Yesterday (20th March), Ahmed appeared at Dewsbury magistrates court to enter a plea of not guilty, whereupon it was revealed that the charge had been replaced with a lesser offence of sending a grossly offensive communication contrary to section 127.1(a) of the Communications Act 2003.
This statute has been making the rounds since it was first applied to an internet communication in early 2010 for a Twitter update created by Paul Chambers, then of Doncaster in South Yorkshire. It has become the catch-all when authorities take a dim view of some tweet or Facebook status but are not satisfied that there is sufficient evidence to press for a more appropriate charge.
My friend Matt Bradley attended the hearing yesterday and reported on it here. It seems there was very nearly a full scale riot as ex-soldiers and members of nationalist groups such as the EDL gathered outside the court building carrying signs and chanting. Matt's post is unsurprisingly unflattering towards these groups of people, and at the end he muses "Is there such a thing as a racially aggravated prosecution which endangers public order? Because if there is, that's what the CPS are guilty of here."
His remarks earned him a menacing telephone call from someone threatening to publish his address to the EDL. The police were investigating at the time of writing. You'll notice from the photo on that Yorkshire Post article linked to above that someone is carrying a sign which reads "JAIL THOSE WHO INSULT OUR TROOPS". It is ironic that the failure of the police to protect one person's right to make offensive political speech resulted in their being called upon to defend the speech of another against this backlash.
Returning to the case, section 127 of the Communications Act has many problems in the internet age. Adam Banks, editor in chief of MacUser magazine, probably said it best yesterday with his comment "The Communications Act in the age of social media is like the dinosaurs from Jurassic Park in San Diego".
Section 127 was designed to deal with nuisance telephone calls where there is a directed action from one individual towards another. It is in no way equipped to deal properly with communications that are posted on a bulletin board style system where individuals unknown to the author actively subscribe and otherwise seek out messages of their own volition. If you want to know why section 127 is so worrisome, I invite you to read this first and then follow up with the elaborations below.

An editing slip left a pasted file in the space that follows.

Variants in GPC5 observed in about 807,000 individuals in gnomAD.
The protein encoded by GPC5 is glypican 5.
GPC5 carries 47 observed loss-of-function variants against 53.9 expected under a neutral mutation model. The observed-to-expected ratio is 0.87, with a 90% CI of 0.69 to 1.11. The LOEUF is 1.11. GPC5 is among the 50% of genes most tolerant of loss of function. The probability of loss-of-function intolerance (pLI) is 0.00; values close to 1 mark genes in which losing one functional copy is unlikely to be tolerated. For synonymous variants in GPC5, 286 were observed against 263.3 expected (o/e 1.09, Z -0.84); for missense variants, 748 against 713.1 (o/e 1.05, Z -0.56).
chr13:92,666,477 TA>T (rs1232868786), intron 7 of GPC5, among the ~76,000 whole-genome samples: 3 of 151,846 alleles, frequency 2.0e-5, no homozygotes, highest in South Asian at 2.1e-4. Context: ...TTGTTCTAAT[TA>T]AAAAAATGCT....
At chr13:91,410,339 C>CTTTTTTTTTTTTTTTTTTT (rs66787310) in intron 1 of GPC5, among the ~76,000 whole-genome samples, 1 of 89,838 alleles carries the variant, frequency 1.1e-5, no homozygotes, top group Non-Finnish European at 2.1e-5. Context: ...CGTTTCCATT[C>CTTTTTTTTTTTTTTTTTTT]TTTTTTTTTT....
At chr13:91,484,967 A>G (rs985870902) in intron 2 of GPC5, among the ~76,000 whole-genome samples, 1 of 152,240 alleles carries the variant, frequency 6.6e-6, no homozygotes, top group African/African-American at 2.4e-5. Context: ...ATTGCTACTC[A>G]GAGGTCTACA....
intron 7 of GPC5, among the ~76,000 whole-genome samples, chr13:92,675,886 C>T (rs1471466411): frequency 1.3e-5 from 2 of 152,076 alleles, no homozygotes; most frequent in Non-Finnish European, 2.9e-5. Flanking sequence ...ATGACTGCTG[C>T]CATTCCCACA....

I would like to point out a couple of particular problem areas that this case reveals. There is currently one case law precedent for the relevant statute to which subsequent cases have referred. In 2006, the House of Lords decided the final appeal of DPP v Collins in favour of the Director of Public Prosecutions in a case where racially offensive language had been used in telephone calls and voice messages made by a Mr Collins to the Westminster offices of his MP, Mr David Taylor. The judgement in that case sets out the tests for the actus reus (guilty act) and the mens rea (guilty mind) necessary to convict on this charge.
DPP v Collins gets us into trouble here with the actus reus because the judgement sets out that "it is for the Justices to determine as a question of fact whether a message is grossly offensive, that in making this determination the Justices must apply the standards of an open and just multi-racial society, and that the words must be judged taking account of their context and all relevant circumstances." Furthermore, the test is that a "message is couched in terms liable to cause gross offence to those to whom it relates."
Now, to the bereaved families of soldiers recently killed in action, Ahmed's remarks would certainly be extremely offensive and hurtful. However, he certainly did not address his remarks directly to such people despite the use of the second person style of speech. I doubt he would have made those remarks if he'd had a Facebook friend who'd lost a relative in a war.
Collins also gets us into trouble with intent (mens rea). "A culpable state of mind will ordinarily be found where a message is couched in terms showing an intention to insult those to whom the message relates or giving rise to the inference that a risk of doing so must have been recognised by the sender."
Now, again, he certainly must have known his words would be offensive (possibly grossly offensive) to a certain subset of people, which would arguably be the persons to whom the message relates. But he did not reach out to these people as intended recipients. Any persons to whom this message relates in that sense would have been directed to the message as secondary readers.
Basically, it's open season on anything that any group of people doesn't like. It will nearly always be possible to find a handful of people who will be prepared to testify that something someone has written is regarded as grossly offensive (or menacing, or indecent, or obscene) to them, whether or not the author ever imagined that such people would read it. Apparently the prosecution have found six, and a trial date is set for 3rd July. Must the defence call the remainder of society to the stand?
This is what it has come to, and it is frankly terrifying.